I actually learned the technique through Ray McSavaney and know of his work in the tire factory. He actually made some negatives in the tire factory where he kept the shutter open all night long while he rolled out a sleeping bag next to the camera.

Ray tells the story that he originally discovered the technique when he mistakenly grossly over exposed a sheet of film and rather than throw the film away he decided to experiment with a variation on Ansel Adams Water Bath development. He dramatically diluted the developer and reduced agitation rather than using full strength developer and periodically transferring to a tray of water and then back to the developer.

I have used this very method in the slot canyons of the Southwest and successfully preserved detail in Zone 15, a statement that Kodak tech reps continue to dispute as impossible.

I have achieved the same dramatic compression with Semi-Stand development which does not fall victim to greatly reduced micro contrast as the earlier technique suffers from.

David Karp
25-Dec-2005, 21:46

I have not tried the two bath developers in the extreme conditions of McSavaney's photos of the tire factory. In those conditions, his method may be the best. I just don't know. Other similar examples of extreme compensating developers are the pyrocatechin developer given in "The Negative" by Adams, and John Sexton's use of extremely dilute T-Max developer (sorry, I can't remember the dilution). In fact, I think that McSavaney used the pyrocatechin developer from "The Negative" to make some of his night time photographs of downtown Los Angeles.

The only thing I have done close to this sort of photograph is a dark architectural interior photo with several lit sconces. I used the Thornton formula and got good detail in the light fixtures.

By the way, if any of you have not seen McSavaney's work in that tire plant, it is magnificent. You can see at least one of them right now at Freestyle Photo in LA, in their gallery, along with a couple of Kirk Gitting's photos, and some photos of another photographer, whose name escapes me right now. Take the opportunity to look at his stuff. It is just wonderful. McSavaney's work is as good as it gets. His book, I think it is called "Explorations," is my favorite book of photographs.

David Karp
10-Jan-2006, 22:32

Sorry about the late post. It took me a while, but I found some information that I saved off of the late Barry Thornton's website, and some other information you might find useful.

First, here are some reasons that Thornton gave in favor of 2 bath developers (if in quotes, they are Thornton's words, if not I am paraphrasing). "[N]egatives of high contrast subjects have the highlights held back while the shadows continue to be built up so that detail can be printed easily at both ends of the scale." In the second bath, in "the highlight regions where the developed silver will be densest, the developer available in the emulsion is soon exhausted and development halts, thus automatically limiting the density of the negative at that point. The more the exposure, and the denser the highlight, the faster development ceases. In the shadows, though, there is little silver to reduce and there is enough developer to keep working there to push up the shadow detail density." And perhaps most interesting in answer to your post, Thornton said: "Indeed there is a minor hump put into the characteristic curve of many films between the shadow and mid tones to give heightened shadow contrast. The effect is not the same as the well known technique of compensating development by diluting developers, which does work in holding back dense highlights, but can give muddy mid tones and does not have the same automatic contrast equalisation as the tow bath." I found this latter statement interesting after reviewing it again for the first time in a long while, and it goes directly to what you were asking about in your first post.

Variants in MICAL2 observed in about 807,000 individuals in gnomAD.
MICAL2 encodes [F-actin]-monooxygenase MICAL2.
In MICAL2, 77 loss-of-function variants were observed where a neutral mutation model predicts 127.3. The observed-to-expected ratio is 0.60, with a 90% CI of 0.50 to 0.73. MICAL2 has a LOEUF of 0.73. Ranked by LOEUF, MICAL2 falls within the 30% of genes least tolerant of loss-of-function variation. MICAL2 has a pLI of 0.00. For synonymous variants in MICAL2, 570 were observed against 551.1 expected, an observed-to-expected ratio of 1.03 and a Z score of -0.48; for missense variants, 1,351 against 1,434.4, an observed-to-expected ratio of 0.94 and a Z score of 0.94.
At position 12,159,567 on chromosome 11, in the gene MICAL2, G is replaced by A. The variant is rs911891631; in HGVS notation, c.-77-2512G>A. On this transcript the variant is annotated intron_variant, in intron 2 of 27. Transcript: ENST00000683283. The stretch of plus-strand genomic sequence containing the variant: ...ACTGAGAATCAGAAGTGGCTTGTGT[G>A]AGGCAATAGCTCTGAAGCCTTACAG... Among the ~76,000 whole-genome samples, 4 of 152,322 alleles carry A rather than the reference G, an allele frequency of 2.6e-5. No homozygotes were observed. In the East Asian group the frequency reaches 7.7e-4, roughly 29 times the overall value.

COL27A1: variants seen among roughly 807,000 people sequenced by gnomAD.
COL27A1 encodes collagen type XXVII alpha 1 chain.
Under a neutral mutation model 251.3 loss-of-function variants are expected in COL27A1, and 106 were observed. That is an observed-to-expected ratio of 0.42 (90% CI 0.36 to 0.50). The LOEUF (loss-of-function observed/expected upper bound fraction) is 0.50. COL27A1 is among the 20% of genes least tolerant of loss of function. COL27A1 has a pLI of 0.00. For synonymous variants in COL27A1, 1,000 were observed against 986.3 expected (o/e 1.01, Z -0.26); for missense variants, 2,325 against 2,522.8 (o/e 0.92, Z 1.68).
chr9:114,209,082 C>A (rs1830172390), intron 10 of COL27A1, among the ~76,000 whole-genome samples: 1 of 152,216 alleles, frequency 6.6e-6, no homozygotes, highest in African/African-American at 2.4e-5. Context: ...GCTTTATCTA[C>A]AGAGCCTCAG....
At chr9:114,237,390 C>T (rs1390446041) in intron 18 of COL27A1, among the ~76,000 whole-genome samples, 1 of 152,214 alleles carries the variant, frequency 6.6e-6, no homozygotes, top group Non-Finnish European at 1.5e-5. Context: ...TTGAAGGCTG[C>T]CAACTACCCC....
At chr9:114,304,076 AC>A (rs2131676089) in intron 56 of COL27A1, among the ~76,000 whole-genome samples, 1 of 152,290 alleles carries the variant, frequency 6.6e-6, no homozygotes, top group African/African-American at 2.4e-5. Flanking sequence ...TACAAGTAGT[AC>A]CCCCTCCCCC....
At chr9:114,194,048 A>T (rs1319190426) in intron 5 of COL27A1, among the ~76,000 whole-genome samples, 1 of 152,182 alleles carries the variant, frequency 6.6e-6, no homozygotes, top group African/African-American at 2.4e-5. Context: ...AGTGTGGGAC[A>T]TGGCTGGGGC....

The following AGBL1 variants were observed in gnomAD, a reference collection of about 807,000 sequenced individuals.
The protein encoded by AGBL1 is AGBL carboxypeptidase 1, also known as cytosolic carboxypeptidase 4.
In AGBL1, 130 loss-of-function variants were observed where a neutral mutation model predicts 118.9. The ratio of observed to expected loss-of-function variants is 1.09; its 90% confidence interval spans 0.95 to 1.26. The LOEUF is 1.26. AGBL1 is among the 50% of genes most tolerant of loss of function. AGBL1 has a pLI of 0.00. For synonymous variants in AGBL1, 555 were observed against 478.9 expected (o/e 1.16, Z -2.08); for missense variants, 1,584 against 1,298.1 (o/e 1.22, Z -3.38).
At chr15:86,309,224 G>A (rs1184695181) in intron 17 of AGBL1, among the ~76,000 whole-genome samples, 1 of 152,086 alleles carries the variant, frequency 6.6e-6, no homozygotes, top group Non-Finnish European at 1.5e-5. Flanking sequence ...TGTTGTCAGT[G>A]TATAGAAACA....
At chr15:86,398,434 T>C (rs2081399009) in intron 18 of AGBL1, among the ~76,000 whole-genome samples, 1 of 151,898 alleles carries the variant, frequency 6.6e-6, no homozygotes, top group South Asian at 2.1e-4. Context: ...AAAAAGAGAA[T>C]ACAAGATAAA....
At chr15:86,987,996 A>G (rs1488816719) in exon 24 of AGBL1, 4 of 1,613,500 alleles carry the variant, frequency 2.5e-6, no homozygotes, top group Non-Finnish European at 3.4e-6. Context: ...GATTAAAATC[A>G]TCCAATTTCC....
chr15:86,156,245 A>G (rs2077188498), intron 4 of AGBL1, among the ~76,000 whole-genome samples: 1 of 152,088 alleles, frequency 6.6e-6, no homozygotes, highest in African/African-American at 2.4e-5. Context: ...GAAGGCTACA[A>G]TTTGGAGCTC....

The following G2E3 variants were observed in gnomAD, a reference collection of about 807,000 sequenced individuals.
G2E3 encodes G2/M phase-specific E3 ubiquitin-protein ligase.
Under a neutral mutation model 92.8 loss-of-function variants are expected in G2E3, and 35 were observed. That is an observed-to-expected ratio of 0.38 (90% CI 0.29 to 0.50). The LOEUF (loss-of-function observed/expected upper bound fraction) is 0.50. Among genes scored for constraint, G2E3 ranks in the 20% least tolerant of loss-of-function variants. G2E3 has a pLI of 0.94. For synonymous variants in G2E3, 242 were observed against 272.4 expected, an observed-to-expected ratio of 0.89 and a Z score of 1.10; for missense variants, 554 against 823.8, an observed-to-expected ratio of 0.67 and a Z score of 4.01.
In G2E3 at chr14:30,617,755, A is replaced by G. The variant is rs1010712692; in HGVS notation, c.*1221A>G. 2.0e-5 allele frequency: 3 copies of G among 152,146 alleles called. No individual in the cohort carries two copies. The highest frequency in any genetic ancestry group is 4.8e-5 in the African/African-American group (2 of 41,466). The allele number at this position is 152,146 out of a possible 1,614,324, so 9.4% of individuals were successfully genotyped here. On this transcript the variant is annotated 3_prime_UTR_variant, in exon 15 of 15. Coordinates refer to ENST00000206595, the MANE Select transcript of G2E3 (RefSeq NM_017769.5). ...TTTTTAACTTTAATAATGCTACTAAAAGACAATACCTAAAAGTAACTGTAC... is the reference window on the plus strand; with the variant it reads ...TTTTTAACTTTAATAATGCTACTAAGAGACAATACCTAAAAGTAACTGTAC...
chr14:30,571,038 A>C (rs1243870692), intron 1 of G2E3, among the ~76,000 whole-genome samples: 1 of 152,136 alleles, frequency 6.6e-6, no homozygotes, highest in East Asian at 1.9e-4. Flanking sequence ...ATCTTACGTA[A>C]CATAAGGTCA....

Thornton's comments on various formulae: The Stoeckler formula is soft working and gives very fine grain, but he felt that with today's thin emulsion films it can be too soft. He called the Adams DD23 formula "robust" and said that it might give too high contrast on roll film. He felt that his formula was "in between for contrast" and had "extra acutance."

Next, I dug into my files and found the information about John Sexton's procedure for extra-dilute developer in high contrast situations. (At least the procedure he used at one time, anyway) He used T-Max RS concentrate, to which is added the small packet of part B. Do not prepare a stock solution. Dilute this with water 1:15. Process at 75 degrees. Film is processed in Sexton's slosher, which we have discussed elsewhere on this forum (just Google "slosher" in this site). Agitate gently for the first minute, and then ten seconds every 2 minutes thereafter. He suggested T-Max 100 at EI40 for 8-11 minutes. This procedure might be helpful if you use T-Max 100.